Politics

‘This Violence Is Nothing’: Trump Supporters React To Atmosphere At Rallies

CREDIT: Emily Atkin

Jeff Jacobson, a Trump supporter, counterprotests outside Trump's rally in Cleveland, Ohio, on March 12, 2016.

CLEVELAND, OHIO — Once again, Republican presidential front-runner Donald Trump is at the top of the national news cycle. And this time, the topic is violence.

Trump canceled his Chicago rally on Friday, apparently over safety concerns from a mass of protesters who had gathered outside and inside the venue. Clashes between demonstrators and Trump supporters reportedly turned violent, and at least one Chicago police officer was wounded. It’s unclear who was responsible for the injury.

The incident sparked widespread debate over the culture of violence at Trump’s campaign events. This month alone, a black protester was sucker-punched in the face by a white Trump supporter; a female reporter was allegedly man-handled by Trump’s campaign manager; and a black woman was surrounded and shoved. Other high-profile incidents include an activist getting punched, kicked, and choked by Trump rally attendees, and a high schooler getting choked by his own hoodie.

Confronted with these incidents, Trump has defended his supporters. “Maybe he should have been roughed up,” Trump said after a black man was beat up at one of his rallies. This week, he called recent violence “very appropriate,” because, he alleged, the protesters themselves were violent.

At his rally on Saturday in Cleveland, Ohio, however, not all of his supporters agreed.

“No one deserves to be hurt,” said Melodye Possidente, who sported a “Hot Chicks For Trump” button and earrings with Trump’s face on them. “I don’t want anyone to get hurt, of course.”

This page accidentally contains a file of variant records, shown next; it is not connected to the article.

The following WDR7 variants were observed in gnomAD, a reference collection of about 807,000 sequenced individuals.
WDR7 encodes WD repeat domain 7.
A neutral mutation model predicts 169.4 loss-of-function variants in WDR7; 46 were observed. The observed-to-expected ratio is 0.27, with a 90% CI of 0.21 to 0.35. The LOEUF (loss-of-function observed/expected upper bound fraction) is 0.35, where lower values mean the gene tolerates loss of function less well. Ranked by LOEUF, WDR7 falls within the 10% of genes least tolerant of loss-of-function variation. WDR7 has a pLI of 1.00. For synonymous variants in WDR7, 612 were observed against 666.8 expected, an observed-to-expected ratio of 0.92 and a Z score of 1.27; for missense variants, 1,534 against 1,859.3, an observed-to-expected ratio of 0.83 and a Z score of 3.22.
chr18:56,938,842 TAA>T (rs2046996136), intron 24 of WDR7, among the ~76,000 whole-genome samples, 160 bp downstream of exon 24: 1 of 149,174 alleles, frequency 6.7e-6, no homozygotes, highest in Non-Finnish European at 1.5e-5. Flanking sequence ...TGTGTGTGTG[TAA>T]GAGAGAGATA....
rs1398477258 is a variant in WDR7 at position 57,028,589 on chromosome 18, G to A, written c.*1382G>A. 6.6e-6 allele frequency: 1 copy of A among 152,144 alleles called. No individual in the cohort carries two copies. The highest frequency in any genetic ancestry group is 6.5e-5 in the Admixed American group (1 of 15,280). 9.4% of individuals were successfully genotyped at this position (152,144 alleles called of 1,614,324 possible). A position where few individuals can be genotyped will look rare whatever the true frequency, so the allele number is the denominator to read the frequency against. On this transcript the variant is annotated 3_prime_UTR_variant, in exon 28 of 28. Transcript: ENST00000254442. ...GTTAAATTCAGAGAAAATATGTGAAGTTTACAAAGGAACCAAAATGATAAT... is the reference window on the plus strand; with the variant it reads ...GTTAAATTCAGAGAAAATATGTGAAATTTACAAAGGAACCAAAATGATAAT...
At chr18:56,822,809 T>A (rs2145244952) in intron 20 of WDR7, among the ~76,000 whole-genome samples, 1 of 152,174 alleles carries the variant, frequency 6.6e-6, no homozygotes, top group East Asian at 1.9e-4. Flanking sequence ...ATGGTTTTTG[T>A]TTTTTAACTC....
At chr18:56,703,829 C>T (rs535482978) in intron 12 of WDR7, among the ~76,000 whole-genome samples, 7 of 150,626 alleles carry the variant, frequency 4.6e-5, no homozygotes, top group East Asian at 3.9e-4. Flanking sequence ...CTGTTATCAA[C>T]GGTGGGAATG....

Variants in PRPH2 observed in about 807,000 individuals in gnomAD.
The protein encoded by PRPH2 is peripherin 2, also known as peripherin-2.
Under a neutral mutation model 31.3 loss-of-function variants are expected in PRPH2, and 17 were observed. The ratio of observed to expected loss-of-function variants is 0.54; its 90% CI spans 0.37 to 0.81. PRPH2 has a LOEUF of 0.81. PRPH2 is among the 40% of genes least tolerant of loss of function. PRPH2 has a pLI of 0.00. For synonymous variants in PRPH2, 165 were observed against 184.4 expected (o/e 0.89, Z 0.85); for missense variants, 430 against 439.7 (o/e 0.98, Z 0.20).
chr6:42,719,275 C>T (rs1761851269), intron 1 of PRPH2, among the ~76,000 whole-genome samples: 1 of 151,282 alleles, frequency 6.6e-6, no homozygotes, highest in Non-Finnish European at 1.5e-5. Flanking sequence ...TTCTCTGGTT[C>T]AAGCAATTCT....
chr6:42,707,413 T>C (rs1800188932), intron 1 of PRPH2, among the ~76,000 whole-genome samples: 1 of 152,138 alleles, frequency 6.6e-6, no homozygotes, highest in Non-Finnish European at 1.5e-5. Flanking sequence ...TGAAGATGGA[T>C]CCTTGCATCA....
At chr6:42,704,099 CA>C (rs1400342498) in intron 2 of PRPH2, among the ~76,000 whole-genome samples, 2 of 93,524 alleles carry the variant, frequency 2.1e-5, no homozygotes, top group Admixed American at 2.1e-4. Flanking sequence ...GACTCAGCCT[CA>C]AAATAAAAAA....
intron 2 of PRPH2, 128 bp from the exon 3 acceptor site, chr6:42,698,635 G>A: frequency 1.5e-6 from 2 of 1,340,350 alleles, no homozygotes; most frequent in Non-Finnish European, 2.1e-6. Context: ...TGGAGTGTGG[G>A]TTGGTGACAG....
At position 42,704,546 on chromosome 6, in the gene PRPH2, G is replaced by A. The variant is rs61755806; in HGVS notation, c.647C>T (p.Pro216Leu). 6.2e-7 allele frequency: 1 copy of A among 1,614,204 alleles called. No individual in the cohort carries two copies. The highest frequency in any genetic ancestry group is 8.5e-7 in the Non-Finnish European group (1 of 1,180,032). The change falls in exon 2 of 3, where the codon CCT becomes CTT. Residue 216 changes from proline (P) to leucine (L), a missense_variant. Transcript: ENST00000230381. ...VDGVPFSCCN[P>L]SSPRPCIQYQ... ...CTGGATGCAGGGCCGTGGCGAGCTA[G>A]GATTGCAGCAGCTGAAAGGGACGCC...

Melodye Possidente rocks Trump earrings at his rally in Cleveland, Ohio on March 12, 2016.

CREDIT: Emily Atkin

However, Possidente — and every Trump supporter ThinkProgress spoke with — said that Trump shouldn’t be held responsible for the actions of protesters or his supporters. His comments about Muslims, Mexicans, and the Black Lives Matter movement were not inciting any violence, they said.

“These people are the ones causing a ruckus,” she said. “They are the ones who should take responsibility.”

Trump supporter Carol DiCicco agreed that Trump was not responsible for violence — but her reason was decidedly unexpected. The protests and subsequent violence, she said, have all been orchestrated and funded by liberal billionaire George Soros to bring Trump’s campaign to its knees.

“I definitely believe that they are all funded by Soros,” she said. “I believe he’s behind a lot of this, and that the young people are being paid to do it.”

While the Cleveland rally did not have any blockbuster fights or arrests, Jeff Jacobson — dressed in a colonial American outfit — told ThinkProgress he was physically struck by a woman protestor as he held up a Trump sign outside the rally. Others, however, said they observed Jacobson slapping the woman.

Either way, Jacobson said people should not be alarmed by the violence at Trump rallies. In fact, he said, they should prepared for more.

“This violence is nothing,” he told ThinkProgress. “When the big government programs run out of money, when the food stamps stop, that’s when the real violence is going to happen. You can’t blame the poor person, God bless them. But this is nothing compared to what they’ll do.”

Jacobson said he expected violence to continue at rallies, but said he wasn’t bothered by it.

“I can get hit. I’m OK with that, because the hits that are going to happen later are going to be much worse,” he said. “That violence has a fix, though, and that’s Donald Trump.”